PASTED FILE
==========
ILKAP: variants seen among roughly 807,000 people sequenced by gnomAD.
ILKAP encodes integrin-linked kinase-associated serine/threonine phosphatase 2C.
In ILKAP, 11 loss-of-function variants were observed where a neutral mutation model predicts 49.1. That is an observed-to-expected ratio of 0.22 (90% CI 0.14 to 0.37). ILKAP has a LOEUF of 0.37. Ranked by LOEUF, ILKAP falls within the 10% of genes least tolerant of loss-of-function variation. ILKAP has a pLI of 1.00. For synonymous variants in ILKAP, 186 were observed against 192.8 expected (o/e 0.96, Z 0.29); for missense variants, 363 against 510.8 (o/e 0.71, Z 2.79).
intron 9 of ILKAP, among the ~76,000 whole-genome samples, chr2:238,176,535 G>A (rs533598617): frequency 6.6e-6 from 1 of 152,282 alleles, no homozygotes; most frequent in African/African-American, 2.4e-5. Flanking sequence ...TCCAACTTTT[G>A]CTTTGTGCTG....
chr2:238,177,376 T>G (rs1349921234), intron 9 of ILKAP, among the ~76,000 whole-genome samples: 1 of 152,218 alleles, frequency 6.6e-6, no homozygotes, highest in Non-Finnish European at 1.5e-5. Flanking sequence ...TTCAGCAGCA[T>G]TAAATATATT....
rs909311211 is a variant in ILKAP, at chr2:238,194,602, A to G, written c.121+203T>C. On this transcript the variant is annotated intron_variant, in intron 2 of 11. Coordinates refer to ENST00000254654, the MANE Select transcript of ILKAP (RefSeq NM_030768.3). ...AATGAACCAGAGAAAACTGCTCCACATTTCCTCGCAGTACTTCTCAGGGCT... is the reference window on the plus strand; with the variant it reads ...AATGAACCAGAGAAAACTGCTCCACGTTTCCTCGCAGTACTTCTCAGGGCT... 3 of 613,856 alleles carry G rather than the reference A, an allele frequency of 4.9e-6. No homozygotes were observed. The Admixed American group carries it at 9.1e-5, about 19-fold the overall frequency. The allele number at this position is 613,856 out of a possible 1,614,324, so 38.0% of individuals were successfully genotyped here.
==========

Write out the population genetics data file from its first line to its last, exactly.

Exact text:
ILKAP: variants seen among roughly 807,000 people sequenced by gnomAD.
ILKAP encodes integrin-linked kinase-associated serine/threonine phosphatase 2C.
In ILKAP, 11 loss-of-function variants were observed where a neutral mutation model predicts 49.1. That is an observed-to-expected ratio of 0.22 (90% CI 0.14 to 0.37). ILKAP has a LOEUF of 0.37. Ranked by LOEUF, ILKAP falls within the 10% of genes least tolerant of loss-of-function variation. ILKAP has a pLI of 1.00. For synonymous variants in ILKAP, 186 were observed against 192.8 expected (o/e 0.96, Z 0.29); for missense variants, 363 against 510.8 (o/e 0.71, Z 2.79).
intron 9 of ILKAP, among the ~76,000 whole-genome samples, chr2:238,176,535 G>A (rs533598617): frequency 6.6e-6 from 1 of 152,282 alleles, no homozygotes; most frequent in African/African-American, 2.4e-5. Flanking sequence ...TCCAACTTTT[G>A]CTTTGTGCTG....
chr2:238,177,376 T>G (rs1349921234), intron 9 of ILKAP, among the ~76,000 whole-genome samples: 1 of 152,218 alleles, frequency 6.6e-6, no homozygotes, highest in Non-Finnish European at 1.5e-5. Flanking sequence ...TTCAGCAGCA[T>G]TAAATATATT....
rs909311211 is a variant in ILKAP, at chr2:238,194,602, A to G, written c.121+203T>C. On this transcript the variant is annotated intron_variant, in intron 2 of 11. Coordinates refer to ENST00000254654, the MANE Select transcript of ILKAP (RefSeq NM_030768.3). ...AATGAACCAGAGAAAACTGCTCCACATTTCCTCGCAGTACTTCTCAGGGCT... is the reference window on the plus strand; with the variant it reads ...AATGAACCAGAGAAAACTGCTCCACGTTTCCTCGCAGTACTTCTCAGGGCT... 3 of 613,856 alleles carry G rather than the reference A, an allele frequency of 4.9e-6. No homozygotes were observed. The Admixed American group carries it at 9.1e-5, about 19-fold the overall frequency. The allele number at this position is 613,856 out of a possible 1,614,324, so 38.0% of individuals were successfully genotyped here.